A new development in our research is the hand-held OCT. Until recently, it was not possible to examine children with OCT because they could not stay still for long enough! The hand-held scanner is much more suitable for children and means that we can even look at the retinas of newborns. Currently, we have only little knowledge about what constitutes a ‘normal’ retina in a child and of course, things are also changing as they grow and develop. At the University of Leicester Ulverscroft Eye Unit, we are investigating normal and abnormal development of the retina and optic nerve as an aid to future diagnosis. This has been made possible by being able to look at the retinas of such young children.

We have found that the retina is immature at birth. For example, the photoreceptors, the sensors in the retina which detect light, are very small at birth, but elongate by about 30 times, until 6 years of age. We can also follow the development and formation of the fovea (this is the central region of sharpest vision) and this shows that retinal and optic nerve development is not completed before young adulthood.

Do you think your work can make a difference?

Yes! As mentioned before, my research is of direct clinical relevance and has the potential to benefit patients’ lives. Furthermore, my work contributes towards the knowledge we have about certain diseases. For example, I have been able to pinpoint certain genes and syndromes that can cause nystagmus. This can aid with the genetic diagnosis and counselling of the siblings and children of the affected sufferers. The recent development of the handheld OCT has given great insight into the development of the retina and early diagnosis of conditions, such as e.g. albinism, can help to avoid unnecessary investigations under anaesthesia.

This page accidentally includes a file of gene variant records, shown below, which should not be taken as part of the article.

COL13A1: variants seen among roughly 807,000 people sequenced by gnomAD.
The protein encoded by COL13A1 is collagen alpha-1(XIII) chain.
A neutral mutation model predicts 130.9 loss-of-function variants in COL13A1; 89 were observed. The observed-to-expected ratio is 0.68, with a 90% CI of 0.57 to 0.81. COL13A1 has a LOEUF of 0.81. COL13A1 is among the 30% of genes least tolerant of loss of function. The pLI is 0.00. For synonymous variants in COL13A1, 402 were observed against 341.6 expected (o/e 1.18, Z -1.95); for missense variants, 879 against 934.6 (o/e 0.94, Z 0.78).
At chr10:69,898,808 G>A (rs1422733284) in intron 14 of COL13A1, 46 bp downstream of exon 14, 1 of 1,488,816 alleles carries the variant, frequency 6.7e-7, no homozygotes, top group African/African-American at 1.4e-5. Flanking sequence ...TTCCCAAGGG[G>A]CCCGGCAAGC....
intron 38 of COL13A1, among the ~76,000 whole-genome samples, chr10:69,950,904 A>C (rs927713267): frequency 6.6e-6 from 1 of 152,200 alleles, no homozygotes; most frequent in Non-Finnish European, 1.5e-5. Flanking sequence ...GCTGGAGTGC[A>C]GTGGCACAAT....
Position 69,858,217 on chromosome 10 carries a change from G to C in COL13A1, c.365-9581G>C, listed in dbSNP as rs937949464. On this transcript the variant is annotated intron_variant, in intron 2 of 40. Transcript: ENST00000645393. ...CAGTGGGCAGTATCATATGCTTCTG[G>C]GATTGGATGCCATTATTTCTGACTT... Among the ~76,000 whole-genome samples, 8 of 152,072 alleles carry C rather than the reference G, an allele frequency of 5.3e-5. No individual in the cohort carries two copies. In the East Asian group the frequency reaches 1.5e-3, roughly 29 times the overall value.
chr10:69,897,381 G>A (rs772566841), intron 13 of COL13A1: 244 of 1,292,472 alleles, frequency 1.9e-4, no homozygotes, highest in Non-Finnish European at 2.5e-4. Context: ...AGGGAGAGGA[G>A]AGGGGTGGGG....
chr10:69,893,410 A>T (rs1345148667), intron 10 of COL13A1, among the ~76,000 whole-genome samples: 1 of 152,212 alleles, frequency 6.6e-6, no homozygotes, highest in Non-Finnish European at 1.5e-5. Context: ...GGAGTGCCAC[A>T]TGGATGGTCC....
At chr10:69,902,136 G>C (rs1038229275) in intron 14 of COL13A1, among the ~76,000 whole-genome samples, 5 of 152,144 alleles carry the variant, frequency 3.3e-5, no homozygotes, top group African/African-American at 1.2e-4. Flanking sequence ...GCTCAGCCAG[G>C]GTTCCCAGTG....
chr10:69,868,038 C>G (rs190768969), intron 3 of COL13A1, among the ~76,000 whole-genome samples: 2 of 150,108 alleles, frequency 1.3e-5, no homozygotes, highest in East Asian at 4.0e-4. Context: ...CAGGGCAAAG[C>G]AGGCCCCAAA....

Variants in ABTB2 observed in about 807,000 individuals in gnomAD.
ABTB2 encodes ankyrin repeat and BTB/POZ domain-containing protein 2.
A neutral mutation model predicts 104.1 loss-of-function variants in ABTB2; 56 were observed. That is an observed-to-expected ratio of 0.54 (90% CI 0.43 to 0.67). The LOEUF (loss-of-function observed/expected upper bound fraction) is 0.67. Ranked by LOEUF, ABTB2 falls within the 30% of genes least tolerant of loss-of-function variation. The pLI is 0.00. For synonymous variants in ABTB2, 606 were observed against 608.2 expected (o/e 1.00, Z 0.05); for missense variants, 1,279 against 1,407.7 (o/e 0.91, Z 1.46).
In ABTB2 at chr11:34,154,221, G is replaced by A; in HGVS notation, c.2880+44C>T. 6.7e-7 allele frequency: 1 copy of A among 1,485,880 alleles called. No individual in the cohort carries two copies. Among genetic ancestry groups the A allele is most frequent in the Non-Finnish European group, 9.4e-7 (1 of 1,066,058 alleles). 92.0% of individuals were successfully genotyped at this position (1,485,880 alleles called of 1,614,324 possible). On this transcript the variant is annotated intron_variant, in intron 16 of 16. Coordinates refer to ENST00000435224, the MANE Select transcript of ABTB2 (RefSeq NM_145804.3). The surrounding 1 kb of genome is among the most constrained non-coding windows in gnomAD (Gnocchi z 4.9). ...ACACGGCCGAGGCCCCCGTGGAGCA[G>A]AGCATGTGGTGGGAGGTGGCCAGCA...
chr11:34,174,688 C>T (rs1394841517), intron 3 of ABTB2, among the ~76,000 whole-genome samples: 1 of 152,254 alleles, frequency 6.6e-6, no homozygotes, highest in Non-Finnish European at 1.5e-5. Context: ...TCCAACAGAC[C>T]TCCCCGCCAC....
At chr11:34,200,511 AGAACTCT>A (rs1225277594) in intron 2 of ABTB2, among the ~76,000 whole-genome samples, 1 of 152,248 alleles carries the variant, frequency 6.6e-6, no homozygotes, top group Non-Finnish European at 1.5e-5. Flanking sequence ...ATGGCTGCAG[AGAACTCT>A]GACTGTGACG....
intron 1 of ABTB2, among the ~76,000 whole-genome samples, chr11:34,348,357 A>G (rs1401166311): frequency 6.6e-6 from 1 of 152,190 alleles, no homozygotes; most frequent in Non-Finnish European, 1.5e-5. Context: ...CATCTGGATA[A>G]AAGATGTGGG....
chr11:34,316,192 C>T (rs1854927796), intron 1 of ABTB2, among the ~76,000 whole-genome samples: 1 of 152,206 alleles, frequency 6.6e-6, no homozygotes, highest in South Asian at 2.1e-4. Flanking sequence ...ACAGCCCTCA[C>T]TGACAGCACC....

What does a typical day involve?

My time is split approximately into a fifty/fifty divide between clinical work and research. On some days I see patients in clinic, and on others, I perform surgery. I have seven postgraduate research students so much of my job involves overseeing their projects.

What do you enjoy most in your job?

I mainly enjoy the contact with patients and students. As well as this, making progress with my research and discovering new things provides great satisfaction.

What do enjoy the least?

The paperwork.

What advice would you give to students/early career researchers?

Research is not easy. I think that one should not be easily discouraged. Throughout their studies, students may have always been successful, and this expectation may be carried through when they begin research. Unfortunately, experiments may go wrong and papers and grants may be rejected. This should not be viewed as a failure, but as the reality of working in such a challenging environment. With enough perseverance and hard work, success will eventually come.